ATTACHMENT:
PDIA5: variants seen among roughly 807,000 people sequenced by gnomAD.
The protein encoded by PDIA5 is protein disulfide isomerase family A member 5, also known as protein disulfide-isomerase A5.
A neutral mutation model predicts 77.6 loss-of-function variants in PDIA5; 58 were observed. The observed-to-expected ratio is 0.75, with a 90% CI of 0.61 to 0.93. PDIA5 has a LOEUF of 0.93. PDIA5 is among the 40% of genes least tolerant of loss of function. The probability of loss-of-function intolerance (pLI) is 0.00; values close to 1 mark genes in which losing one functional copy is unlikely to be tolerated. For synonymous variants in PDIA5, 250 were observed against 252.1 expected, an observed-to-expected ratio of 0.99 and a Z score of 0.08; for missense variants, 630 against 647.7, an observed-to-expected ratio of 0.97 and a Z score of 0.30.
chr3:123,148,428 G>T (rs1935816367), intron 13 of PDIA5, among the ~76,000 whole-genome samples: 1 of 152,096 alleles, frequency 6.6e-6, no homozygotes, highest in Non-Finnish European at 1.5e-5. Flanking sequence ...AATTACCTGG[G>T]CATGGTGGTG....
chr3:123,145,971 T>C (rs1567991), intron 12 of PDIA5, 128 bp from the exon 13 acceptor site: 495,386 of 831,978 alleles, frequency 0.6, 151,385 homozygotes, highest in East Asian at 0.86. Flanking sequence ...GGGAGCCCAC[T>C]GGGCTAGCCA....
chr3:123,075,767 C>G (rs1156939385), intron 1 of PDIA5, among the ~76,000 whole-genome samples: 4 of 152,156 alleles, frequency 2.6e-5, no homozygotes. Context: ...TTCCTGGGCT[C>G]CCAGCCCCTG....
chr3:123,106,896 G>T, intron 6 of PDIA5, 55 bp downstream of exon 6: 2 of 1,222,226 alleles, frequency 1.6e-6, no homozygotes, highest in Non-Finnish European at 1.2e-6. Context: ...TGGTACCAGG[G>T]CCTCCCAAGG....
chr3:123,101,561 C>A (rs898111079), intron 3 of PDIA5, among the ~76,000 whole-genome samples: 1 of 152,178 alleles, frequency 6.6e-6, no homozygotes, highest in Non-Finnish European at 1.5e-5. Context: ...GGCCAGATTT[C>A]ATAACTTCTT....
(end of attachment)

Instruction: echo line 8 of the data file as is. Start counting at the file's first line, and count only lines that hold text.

chr3:123,101,561 C>A (rs898111079), intron 3 of PDIA5, among the ~76,000 whole-genome samples: 1 of 152,178 alleles, frequency 6.6e-6, no homozygotes, highest in Non-Finnish European at 1.5e-5. Context: ...GGCCAGATTT[C>A]ATAACTTCTT....